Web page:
23. Ninh Binh, Cultural Service, Cong Tac Xay Dung Nep Song Moi, Con Nguoi Moi va Gia Dinh Tien Tien Chong My, Cuu Nuoc [The Task of Building the New Ways, the New Person and the Progressive Family in the War of National Salvation Against the Americans] (Ninh Binh: Ty Van Hoa Ninh Binh, 1968), 64. [BACK]
24. Ibid. [BACK]
25. Government of Vietnam, Nhung Van Ban ve Viec Cuoi, Viec Tang, Ngay Gio, Ngay Hoi [Documents on Weddings, Funerals, Death Anniversary and Public Festivals] (Hanoi: NXB Van Hoa, 1979), 24. [BACK]
26. Those who died but were not martyrs would also receive these certificates. [BACK]
27. Rendering the expression to quoc in English is difficult because literally it can be read as the ancestors'land or country, but it can also be fairly translated
28. The example of vinh du in a Hanoipublished dictionary reads, “Hi sinh cho To quoc la mot vinh du: It is an honour to lay down one's life for the fatherland” (Dang and Le, Tu Dien Viet-Anh, 762). [BACK]
29. See Arthur P. Wolf “Gods, Ghosts, and Ancestors,” in Religion and Ritual in Chinese Society, ed. Arthur P. Wolf (Stanford, Calif.: Stanford University Press, 1974), 131–82. [BACK]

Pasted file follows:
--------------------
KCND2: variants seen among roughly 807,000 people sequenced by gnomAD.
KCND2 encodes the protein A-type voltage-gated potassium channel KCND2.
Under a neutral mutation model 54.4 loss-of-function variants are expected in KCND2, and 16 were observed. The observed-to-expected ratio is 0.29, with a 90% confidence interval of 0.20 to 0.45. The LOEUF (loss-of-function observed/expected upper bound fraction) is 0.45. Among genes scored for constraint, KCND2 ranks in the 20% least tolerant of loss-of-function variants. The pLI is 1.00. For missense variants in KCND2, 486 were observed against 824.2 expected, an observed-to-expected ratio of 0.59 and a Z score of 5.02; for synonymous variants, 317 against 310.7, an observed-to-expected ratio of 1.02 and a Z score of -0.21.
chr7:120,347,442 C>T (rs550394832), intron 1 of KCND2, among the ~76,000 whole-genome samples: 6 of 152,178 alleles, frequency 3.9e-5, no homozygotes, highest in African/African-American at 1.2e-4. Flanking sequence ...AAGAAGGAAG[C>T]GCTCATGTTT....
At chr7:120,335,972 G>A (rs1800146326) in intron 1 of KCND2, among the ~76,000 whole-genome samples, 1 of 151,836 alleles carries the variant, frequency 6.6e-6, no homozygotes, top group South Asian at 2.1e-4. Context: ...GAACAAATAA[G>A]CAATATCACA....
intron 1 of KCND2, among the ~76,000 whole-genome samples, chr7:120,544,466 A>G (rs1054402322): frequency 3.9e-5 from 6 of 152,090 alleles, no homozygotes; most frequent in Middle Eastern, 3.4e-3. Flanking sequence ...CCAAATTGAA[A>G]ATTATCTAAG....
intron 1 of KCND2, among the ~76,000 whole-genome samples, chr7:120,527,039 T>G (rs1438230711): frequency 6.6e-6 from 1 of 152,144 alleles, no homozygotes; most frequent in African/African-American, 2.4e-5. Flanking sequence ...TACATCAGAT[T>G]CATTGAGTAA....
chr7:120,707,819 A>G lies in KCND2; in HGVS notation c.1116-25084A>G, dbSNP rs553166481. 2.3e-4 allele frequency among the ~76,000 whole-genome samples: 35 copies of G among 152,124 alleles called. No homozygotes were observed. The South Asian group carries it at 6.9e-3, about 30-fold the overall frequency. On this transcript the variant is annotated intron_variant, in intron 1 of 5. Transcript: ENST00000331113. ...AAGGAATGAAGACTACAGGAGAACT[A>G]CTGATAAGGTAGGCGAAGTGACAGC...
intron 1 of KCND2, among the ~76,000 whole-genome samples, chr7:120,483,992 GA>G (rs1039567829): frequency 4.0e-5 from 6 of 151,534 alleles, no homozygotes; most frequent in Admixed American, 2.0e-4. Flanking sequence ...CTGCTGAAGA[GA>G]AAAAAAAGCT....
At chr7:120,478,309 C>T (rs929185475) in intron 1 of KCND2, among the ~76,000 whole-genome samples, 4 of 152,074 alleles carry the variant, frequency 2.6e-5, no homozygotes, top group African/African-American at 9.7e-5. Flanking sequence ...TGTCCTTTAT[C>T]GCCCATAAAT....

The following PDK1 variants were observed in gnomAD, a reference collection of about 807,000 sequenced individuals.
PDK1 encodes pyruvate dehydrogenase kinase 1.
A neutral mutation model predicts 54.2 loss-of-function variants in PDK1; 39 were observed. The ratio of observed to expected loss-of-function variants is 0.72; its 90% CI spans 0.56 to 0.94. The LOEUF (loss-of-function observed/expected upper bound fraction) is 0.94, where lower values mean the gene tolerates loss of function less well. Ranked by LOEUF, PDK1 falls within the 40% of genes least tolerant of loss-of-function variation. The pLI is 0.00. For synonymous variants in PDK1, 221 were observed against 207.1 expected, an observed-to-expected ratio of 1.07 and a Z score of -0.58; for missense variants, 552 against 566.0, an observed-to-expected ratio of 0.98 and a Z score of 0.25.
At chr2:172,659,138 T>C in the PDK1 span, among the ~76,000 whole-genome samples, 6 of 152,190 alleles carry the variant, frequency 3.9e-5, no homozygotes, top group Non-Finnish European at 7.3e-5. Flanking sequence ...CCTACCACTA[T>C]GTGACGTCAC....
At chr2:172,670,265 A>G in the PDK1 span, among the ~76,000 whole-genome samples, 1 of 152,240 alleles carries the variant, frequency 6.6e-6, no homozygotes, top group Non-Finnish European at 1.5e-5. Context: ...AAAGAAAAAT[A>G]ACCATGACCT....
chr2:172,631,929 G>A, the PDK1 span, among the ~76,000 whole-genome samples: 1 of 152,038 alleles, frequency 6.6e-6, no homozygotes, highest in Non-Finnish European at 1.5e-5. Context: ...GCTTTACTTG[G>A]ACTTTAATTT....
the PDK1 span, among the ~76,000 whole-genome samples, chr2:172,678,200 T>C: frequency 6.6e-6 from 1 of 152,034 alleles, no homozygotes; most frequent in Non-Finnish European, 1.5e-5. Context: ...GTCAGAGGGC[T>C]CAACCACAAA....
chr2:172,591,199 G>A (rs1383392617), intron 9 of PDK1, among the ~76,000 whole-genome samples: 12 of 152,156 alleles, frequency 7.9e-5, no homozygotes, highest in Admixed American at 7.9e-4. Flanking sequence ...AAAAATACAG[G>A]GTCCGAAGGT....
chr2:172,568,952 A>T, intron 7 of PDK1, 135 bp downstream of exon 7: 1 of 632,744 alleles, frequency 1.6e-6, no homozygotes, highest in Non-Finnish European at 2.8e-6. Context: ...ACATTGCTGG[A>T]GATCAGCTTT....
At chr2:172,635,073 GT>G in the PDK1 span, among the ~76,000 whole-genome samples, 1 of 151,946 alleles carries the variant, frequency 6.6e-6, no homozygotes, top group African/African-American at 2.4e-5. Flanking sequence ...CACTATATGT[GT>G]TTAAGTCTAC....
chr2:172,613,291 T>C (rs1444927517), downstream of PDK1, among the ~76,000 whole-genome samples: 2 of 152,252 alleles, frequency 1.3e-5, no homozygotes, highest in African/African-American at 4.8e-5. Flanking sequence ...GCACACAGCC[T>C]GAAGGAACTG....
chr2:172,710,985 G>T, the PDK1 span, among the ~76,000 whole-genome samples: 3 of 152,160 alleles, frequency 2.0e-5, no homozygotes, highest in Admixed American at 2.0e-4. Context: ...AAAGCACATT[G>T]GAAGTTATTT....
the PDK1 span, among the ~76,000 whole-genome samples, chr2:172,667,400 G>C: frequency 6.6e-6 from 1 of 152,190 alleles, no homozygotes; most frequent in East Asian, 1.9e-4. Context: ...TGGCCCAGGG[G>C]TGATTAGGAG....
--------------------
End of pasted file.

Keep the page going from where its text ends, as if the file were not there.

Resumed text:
30. In cases in which a young person dies but is thought to be of particular sacred potency, an altar might be built inside the family home to worship that spirit and bring its blessings onto the family. In Thinh Liet commune, no such altars have been built for dead soldiers. Concern about the depredations of wandering malevolent spirits is evident in the placement of a tray with bowls of rice porridge outside of the home during all funeral rites. This practice feeds the wandering ghosts but keeps them outside of the home and ancestral altar. [BACK]
31. If a person dies outside of the home, the corpse and casket cannot be brought into the home, and all rites must be conducted in another location. Dying outside the home is such a concern that terminally ill Vietnamese are often granted permission to leave the hospital so they can return home to die. [BACK]
32. This concern for the wholeness of the corpse is seen in other mortuary rites, such as the obsessive concern shown during the secondary burial ceremony (cai tang) to collect the deceased's every bone, including all hand, finger, and toe bones. [BACK]
33. Bao Ninh, The Sorrow of War (London: Secker and Warburg, 1991), 21. [BACK]
34. One interesting question raised by these innovative rites is why, given Vietnam's long history of warfare, they did not emerge earlier. Given a lack of historical materials on the subject, no answer can be given. [BACK]
35. The Vietnamese government has never released figures for the number of its soldiers killed in the American War. During the war years, Vietnamese had no precise knowledge of the number of their soldiers killed. Conversely, the government did publish grossly exaggerated figures for the number of Americans killed during the war; such figures were prominently displayed in the Army Museum in Hanoi. [BACK]